Xeomin® in New York
XEOMIN® (incobotulinumtoxinA) is a prescription medication injected into muscles and used to temporarily improve the appearance of moderate to severe frown lines between the eyebrows (glabellar lines) in adults.XEOMIN® contains botulinum toxin type A, a protein purified from the bacterium Clostridium botulinum.
When you squint or frown, the muscles between your eyebrows contract, causing the skin to furrow and fold. Over time, as your skin ages and loses some of its elasticity, these repeated contractions can cause persistent frown lines.Botulinum toxin type A – the active ingredient in XEOMIN®– acts on nerve endings in muscles to prevent muscle fibers from contracting. By reducing these contractions, XEOMIN® can temporarily reduce the lines between your eyebrows.
I Tried the *Other* Botox and this is What Happened
The iconic Botox is not the only show in wrinkle-smoothing town. Most people don’t realize it, but there are two other almost identical injectables you can request from your dermatologist’s office called Xeomin and Dysport. The three are competitors in a class of drug called a neuromodulator. “Botox was the original one and has become the generic term, like Kleenex or Coke,” explains New York plastic surgeon David Shafer when I visited his office two weeks ago (he’s a favorite of Coveteur staffers for their own treatments). “But Botox, Xeomin, and Dysport all work by very similar mechanisms: You inject it; it blocks the signal going between the nerve going to the muscle so the muscle can’t make the wrinkles.” All three brands take about three to five days to kick in and are said to last for about three to five months.
“Molecularly, at the core, they’re all the same,” says Shafer. “Think about an M&M. They all have the chocolate in the middle, but they’re all different colors with a different shell. [At the molecular level] Botox and Dysport both have a thick shell around the molecules, and that’s what protects it as it goes into the body. Xeomin differs because it doesn’t have the shell; it’s the raw kind of protein that you inject.” (Xeomin is also the one Christie Brinkley gets.)
This is why I’m in the surgeon’s 25th-floor office looking out over midtown Manhattan. What I’ve heard over the years—and Xeomin has been in the U.S. since 2010—is some people really like that Xeomin seems like a more “clean” formula. And, having tried and liked Botox about three times, I figured I could explore something new. “One advantage [to Xeomin’s formula] is that there are fewer molecules for your body to have a reaction to,” says Shafer. “It’s very rare to have a reaction, whether it’s any of the three brands, but if it’s someone who tends to have a lot of allergic reactions or sensitivities, Xeomin might be a good one to start with because there are less proteins around it.”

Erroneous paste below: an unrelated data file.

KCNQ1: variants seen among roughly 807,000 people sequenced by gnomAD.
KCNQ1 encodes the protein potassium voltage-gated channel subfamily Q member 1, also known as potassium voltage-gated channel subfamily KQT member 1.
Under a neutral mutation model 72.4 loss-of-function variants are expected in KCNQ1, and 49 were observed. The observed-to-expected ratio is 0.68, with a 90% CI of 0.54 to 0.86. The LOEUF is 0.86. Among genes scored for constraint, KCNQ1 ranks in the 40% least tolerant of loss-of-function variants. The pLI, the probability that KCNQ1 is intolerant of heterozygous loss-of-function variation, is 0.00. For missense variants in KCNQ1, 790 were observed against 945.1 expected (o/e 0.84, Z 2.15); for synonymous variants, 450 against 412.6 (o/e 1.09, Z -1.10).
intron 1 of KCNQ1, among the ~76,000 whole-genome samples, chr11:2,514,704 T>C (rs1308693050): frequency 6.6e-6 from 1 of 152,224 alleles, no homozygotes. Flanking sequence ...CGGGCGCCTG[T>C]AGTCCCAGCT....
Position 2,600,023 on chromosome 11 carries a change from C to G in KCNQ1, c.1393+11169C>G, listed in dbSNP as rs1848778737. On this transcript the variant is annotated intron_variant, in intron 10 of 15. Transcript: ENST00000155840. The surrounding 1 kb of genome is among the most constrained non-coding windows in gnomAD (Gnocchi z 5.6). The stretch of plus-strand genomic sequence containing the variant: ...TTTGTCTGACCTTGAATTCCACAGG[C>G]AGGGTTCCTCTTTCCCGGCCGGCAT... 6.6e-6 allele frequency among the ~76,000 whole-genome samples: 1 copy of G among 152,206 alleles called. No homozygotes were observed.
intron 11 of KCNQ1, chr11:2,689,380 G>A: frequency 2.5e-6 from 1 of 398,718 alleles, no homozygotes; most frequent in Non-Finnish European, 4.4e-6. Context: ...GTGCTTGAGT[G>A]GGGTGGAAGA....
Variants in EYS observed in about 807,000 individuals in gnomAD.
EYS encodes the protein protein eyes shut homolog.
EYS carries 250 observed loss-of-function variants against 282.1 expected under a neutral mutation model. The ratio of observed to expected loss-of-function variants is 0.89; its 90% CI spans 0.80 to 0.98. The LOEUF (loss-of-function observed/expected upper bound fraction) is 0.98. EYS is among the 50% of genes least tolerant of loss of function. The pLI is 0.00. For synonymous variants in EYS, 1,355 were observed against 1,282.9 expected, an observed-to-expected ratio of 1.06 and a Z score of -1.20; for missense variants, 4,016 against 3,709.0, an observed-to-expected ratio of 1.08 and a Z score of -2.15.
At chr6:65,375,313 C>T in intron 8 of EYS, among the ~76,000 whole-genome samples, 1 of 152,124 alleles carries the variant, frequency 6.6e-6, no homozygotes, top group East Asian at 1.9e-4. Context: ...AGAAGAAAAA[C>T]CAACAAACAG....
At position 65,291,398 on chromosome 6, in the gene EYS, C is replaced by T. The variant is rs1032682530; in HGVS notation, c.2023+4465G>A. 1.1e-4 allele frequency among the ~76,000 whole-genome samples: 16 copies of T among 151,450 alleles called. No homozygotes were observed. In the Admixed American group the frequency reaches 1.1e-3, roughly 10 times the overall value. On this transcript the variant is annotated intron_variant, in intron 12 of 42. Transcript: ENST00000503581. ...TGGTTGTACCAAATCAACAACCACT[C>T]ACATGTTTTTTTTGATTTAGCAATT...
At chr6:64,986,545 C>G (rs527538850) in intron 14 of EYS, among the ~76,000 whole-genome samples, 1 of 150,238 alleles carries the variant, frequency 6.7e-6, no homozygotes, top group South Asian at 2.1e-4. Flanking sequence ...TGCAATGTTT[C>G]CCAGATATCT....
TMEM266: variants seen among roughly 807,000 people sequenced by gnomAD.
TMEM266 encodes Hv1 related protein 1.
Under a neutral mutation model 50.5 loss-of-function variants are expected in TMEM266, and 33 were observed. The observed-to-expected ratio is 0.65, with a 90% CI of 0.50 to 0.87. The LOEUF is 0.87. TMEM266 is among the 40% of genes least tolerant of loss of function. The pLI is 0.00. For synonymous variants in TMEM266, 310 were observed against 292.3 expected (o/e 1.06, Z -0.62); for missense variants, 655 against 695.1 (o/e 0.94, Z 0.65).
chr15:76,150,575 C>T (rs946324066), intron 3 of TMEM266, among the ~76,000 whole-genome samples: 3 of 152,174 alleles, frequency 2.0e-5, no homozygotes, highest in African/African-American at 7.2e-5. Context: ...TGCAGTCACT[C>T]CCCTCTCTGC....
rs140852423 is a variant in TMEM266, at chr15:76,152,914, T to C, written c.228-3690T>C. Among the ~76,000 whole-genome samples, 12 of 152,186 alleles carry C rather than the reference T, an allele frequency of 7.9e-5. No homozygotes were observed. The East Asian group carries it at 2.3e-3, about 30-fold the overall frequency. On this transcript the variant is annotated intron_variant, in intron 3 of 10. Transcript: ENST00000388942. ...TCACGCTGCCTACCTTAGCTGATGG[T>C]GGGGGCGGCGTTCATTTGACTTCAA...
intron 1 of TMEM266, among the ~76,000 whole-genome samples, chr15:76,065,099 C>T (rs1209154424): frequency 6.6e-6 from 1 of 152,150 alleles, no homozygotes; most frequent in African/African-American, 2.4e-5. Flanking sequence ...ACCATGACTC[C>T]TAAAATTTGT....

While I don’t have any sensitivities to Botox, there are a few other reasons I wanted to try out Xeomin. I wanted to see if it might kick in a little faster and possibly look a little different. “There’s no study proving that one works faster than the other, there’s some anecdotal experience one might work a little faster and some people think the Xeomin looks a little softer,” says Shafer. “But it’s different for different people. Everyone has different concentrations of different enzymes in their body, and it’s all interacting differently.” And with that, the tiny needle pricks went into my forehead, around my eyes, and a little in the muscles underneath the sides of my mouth (this is technically an off-label use, but it helps lift the corners of your lips up just a teeny, tiny bit). I can report it hurts just as much in the moment as Botox does—I’d compare it to teeny fleeting bee stings.
The big question is, of course, are non-Botox alternatives cheaper? The answer is: not really. The price varies mostly by how much your injector charges. You might find there is a difference in “frequent flyer” type programs and promotions offered by the different brands, but the truth is it will all cost in the $500 – $1,000 range (that’s a very rough estimate) depending on how much is used. One thing to keep in mind: The cost of the drug is per unit, which makes the drug like Dysport appear cheaper, however, you will require more units of Dysport than Botox or Xeomin, so by the time you hit the cash register, you’re looking at pretty much the same bill.
Finally, another difference (though this is more relevant to the doctor themselves) is that while Botox and Dysport need to be refrigerated, Xeomin does not. This makes it a little easier for a doctor to travel with Xeomin in their bag and less likely for the product to go bad if there were, say, a power outage.
So did I feel or see a difference? I do think my Xeomin kicked in about two days faster than Botox. Usually, I know my Botox is all kicked in by about the week mark, maybe five to seven days. In this case, I got injected on a Friday afternoon, and during my Monday afternoon meetings I could feel some of the muscles starting to tingle and freeze, which is that telltale sign. Whether it will last longer is TBD, but I metabolize Botox pretty fast—usually three months. As for how I feel about getting neuromodulators in general, let me point you to the brilliant essay by Frances Dodds about the inherently anti-feminist “aging gracefully” sham we should all be privy to before we make decisions about what we do with our beautiful faces. I like how I look with Botox, Xeomin, or absolutely nothing at all.